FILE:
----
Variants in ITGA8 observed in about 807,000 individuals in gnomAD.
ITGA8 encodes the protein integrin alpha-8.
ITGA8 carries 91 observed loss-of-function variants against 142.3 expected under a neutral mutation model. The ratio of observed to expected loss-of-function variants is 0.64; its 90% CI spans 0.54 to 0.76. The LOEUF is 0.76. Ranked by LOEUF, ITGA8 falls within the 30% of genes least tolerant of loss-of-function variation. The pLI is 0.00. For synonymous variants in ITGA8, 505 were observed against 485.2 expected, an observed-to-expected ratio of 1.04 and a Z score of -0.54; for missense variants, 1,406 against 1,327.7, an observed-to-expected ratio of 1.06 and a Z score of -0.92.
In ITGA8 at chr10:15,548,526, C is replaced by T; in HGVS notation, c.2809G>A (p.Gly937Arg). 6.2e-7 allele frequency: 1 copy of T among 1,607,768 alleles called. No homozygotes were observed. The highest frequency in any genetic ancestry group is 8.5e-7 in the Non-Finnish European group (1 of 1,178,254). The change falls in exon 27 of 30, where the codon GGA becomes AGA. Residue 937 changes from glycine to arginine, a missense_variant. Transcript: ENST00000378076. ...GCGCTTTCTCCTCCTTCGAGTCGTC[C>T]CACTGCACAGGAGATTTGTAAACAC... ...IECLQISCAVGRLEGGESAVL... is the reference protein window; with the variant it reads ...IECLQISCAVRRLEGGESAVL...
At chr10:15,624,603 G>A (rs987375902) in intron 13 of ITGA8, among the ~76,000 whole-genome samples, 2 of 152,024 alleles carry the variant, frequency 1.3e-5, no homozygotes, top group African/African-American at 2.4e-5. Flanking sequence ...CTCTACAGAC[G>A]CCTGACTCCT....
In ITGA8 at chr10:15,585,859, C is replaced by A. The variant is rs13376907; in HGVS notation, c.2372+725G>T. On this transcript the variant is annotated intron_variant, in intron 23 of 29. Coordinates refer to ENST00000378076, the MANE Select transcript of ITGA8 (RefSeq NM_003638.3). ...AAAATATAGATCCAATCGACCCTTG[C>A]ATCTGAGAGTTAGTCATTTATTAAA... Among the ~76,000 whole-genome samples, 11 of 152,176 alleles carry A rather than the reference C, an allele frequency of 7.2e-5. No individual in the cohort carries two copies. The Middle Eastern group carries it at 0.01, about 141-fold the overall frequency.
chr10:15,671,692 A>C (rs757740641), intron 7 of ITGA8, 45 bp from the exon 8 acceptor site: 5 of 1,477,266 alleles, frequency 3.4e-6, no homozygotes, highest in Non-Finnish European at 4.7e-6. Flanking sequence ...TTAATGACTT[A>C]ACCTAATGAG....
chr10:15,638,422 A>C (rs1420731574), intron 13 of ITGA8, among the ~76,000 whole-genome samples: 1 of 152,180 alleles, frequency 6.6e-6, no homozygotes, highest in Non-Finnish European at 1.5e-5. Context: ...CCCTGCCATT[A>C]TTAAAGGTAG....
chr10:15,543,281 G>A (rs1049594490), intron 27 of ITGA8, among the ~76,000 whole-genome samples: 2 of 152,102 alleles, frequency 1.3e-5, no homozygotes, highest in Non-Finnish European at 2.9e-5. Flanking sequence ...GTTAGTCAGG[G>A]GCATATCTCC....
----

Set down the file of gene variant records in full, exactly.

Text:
Variants in ITGA8 observed in about 807,000 individuals in gnomAD.
ITGA8 encodes the protein integrin alpha-8.
ITGA8 carries 91 observed loss-of-function variants against 142.3 expected under a neutral mutation model. The ratio of observed to expected loss-of-function variants is 0.64; its 90% CI spans 0.54 to 0.76. The LOEUF is 0.76. Ranked by LOEUF, ITGA8 falls within the 30% of genes least tolerant of loss-of-function variation. The pLI is 0.00. For synonymous variants in ITGA8, 505 were observed against 485.2 expected, an observed-to-expected ratio of 1.04 and a Z score of -0.54; for missense variants, 1,406 against 1,327.7, an observed-to-expected ratio of 1.06 and a Z score of -0.92.
In ITGA8 at chr10:15,548,526, C is replaced by T; in HGVS notation, c.2809G>A (p.Gly937Arg). 6.2e-7 allele frequency: 1 copy of T among 1,607,768 alleles called. No homozygotes were observed. The highest frequency in any genetic ancestry group is 8.5e-7 in the Non-Finnish European group (1 of 1,178,254). The change falls in exon 27 of 30, where the codon GGA becomes AGA. Residue 937 changes from glycine to arginine, a missense_variant. Transcript: ENST00000378076. ...GCGCTTTCTCCTCCTTCGAGTCGTC[C>T]CACTGCACAGGAGATTTGTAAACAC... ...IECLQISCAVGRLEGGESAVL... is the reference protein window; with the variant it reads ...IECLQISCAVRRLEGGESAVL...
At chr10:15,624,603 G>A (rs987375902) in intron 13 of ITGA8, among the ~76,000 whole-genome samples, 2 of 152,024 alleles carry the variant, frequency 1.3e-5, no homozygotes, top group African/African-American at 2.4e-5. Flanking sequence ...CTCTACAGAC[G>A]CCTGACTCCT....
In ITGA8 at chr10:15,585,859, C is replaced by A. The variant is rs13376907; in HGVS notation, c.2372+725G>T. On this transcript the variant is annotated intron_variant, in intron 23 of 29. Coordinates refer to ENST00000378076, the MANE Select transcript of ITGA8 (RefSeq NM_003638.3). ...AAAATATAGATCCAATCGACCCTTG[C>A]ATCTGAGAGTTAGTCATTTATTAAA... Among the ~76,000 whole-genome samples, 11 of 152,176 alleles carry A rather than the reference C, an allele frequency of 7.2e-5. No individual in the cohort carries two copies. The Middle Eastern group carries it at 0.01, about 141-fold the overall frequency.
chr10:15,671,692 A>C (rs757740641), intron 7 of ITGA8, 45 bp from the exon 8 acceptor site: 5 of 1,477,266 alleles, frequency 3.4e-6, no homozygotes, highest in Non-Finnish European at 4.7e-6. Flanking sequence ...TTAATGACTT[A>C]ACCTAATGAG....
chr10:15,638,422 A>C (rs1420731574), intron 13 of ITGA8, among the ~76,000 whole-genome samples: 1 of 152,180 alleles, frequency 6.6e-6, no homozygotes, highest in Non-Finnish European at 1.5e-5. Context: ...CCCTGCCATT[A>C]TTAAAGGTAG....
chr10:15,543,281 G>A (rs1049594490), intron 27 of ITGA8, among the ~76,000 whole-genome samples: 2 of 152,102 alleles, frequency 1.3e-5, no homozygotes, highest in Non-Finnish European at 2.9e-5. Flanking sequence ...GTTAGTCAGG[G>A]GCATATCTCC....